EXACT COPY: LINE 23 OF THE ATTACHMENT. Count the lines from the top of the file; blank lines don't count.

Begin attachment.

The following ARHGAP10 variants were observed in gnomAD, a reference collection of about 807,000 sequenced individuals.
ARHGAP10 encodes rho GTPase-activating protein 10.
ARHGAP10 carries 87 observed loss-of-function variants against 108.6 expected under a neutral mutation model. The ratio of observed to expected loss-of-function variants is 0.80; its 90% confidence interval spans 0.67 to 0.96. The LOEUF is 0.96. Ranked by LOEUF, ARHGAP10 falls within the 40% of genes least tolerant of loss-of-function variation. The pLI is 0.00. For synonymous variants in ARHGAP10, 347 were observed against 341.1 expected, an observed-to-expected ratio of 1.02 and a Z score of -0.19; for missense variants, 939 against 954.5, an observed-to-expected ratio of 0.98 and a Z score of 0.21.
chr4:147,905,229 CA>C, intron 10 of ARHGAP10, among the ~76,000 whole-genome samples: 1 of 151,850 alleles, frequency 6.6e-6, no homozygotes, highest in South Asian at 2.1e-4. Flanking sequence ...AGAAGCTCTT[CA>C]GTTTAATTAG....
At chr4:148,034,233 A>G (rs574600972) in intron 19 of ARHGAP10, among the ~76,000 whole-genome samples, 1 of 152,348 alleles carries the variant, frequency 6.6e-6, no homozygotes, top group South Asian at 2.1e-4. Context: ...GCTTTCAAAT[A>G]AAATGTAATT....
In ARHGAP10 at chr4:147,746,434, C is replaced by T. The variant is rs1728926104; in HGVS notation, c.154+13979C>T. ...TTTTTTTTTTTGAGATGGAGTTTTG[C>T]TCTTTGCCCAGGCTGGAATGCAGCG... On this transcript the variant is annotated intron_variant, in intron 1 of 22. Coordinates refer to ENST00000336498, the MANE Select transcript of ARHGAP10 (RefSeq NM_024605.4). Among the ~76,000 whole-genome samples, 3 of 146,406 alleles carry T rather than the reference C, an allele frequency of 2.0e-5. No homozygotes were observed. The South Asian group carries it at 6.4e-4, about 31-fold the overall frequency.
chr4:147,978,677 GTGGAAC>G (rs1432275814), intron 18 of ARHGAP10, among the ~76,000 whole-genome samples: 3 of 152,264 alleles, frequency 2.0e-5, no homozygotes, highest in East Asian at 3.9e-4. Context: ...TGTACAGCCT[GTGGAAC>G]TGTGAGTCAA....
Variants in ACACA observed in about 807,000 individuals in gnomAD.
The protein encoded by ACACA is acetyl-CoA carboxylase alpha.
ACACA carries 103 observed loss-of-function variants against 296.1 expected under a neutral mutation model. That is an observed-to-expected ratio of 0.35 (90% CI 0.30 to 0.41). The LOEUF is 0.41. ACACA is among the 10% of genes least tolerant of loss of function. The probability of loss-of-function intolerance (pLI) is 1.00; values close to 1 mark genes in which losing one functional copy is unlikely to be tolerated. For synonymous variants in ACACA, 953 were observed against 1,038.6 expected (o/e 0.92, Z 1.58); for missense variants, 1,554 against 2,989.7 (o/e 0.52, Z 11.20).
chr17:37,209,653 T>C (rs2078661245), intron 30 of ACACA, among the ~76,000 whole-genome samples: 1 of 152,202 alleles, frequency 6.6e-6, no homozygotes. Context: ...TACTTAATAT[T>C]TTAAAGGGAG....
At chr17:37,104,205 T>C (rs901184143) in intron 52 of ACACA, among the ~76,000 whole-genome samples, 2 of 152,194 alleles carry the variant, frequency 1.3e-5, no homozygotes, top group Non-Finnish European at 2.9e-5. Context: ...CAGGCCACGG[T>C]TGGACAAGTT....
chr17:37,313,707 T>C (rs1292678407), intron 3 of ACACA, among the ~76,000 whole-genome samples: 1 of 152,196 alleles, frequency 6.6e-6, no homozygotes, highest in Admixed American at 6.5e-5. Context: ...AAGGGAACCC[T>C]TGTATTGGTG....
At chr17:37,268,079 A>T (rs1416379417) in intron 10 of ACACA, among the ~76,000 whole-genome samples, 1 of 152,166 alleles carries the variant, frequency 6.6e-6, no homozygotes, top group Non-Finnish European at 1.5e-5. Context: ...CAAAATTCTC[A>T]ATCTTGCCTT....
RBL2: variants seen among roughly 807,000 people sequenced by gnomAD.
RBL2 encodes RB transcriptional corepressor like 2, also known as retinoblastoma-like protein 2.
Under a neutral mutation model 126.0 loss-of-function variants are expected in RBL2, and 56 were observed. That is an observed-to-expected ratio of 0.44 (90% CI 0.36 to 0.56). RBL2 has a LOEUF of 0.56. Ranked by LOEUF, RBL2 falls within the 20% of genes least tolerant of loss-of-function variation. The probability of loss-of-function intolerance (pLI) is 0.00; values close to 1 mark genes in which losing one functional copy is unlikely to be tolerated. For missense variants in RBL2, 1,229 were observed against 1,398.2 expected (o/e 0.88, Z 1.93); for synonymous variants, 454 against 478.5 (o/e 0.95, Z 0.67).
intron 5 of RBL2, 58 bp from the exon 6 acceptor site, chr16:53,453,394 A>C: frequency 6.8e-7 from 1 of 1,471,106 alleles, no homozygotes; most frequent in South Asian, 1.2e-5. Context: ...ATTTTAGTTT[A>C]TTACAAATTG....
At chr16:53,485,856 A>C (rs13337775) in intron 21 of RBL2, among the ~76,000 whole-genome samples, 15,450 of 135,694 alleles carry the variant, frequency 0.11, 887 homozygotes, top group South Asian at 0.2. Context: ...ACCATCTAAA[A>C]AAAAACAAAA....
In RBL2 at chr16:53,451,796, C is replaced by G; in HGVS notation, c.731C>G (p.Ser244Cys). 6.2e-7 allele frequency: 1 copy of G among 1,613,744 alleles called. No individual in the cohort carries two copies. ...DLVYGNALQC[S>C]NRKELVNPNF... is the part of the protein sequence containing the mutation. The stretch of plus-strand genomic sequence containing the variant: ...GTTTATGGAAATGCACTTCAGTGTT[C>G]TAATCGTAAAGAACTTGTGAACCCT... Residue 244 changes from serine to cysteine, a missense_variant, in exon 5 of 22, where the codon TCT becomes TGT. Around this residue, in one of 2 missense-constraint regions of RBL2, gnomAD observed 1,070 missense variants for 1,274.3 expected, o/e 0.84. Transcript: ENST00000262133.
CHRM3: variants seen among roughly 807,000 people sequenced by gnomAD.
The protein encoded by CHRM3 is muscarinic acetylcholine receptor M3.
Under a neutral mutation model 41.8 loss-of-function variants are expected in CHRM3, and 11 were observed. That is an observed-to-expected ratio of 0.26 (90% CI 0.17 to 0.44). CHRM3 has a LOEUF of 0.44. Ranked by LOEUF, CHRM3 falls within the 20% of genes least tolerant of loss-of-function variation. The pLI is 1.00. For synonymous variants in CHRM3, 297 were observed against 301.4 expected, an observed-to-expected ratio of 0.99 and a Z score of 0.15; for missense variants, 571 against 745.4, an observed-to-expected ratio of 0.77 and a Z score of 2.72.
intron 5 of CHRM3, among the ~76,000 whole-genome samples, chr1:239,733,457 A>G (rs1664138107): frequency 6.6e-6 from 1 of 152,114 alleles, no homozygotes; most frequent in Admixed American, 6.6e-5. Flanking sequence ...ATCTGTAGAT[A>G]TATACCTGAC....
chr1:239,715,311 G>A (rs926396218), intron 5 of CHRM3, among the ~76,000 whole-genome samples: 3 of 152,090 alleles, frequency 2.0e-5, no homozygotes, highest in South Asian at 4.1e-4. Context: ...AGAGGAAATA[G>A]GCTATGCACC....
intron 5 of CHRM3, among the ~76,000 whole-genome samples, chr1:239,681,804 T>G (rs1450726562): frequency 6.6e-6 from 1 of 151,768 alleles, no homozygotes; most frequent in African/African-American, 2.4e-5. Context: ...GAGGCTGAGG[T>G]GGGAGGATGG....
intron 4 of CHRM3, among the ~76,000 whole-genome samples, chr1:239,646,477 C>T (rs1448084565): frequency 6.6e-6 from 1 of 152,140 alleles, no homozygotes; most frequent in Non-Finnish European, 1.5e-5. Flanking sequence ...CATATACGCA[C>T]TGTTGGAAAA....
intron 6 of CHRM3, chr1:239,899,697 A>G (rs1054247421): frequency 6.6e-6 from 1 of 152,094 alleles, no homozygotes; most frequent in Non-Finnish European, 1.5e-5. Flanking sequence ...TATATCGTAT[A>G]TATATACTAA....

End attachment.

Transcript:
Under a neutral mutation model 41.8 loss-of-function variants are expected in CHRM3, and 11 were observed. That is an observed-to-expected ratio of 0.26 (90% CI 0.17 to 0.44). CHRM3 has a LOEUF of 0.44. Ranked by LOEUF, CHRM3 falls within the 20% of genes least tolerant of loss-of-function variation. The pLI is 1.00. For synonymous variants in CHRM3, 297 were observed against 301.4 expected, an observed-to-expected ratio of 0.99 and a Z score of 0.15; for missense variants, 571 against 745.4, an observed-to-expected ratio of 0.77 and a Z score of 2.72.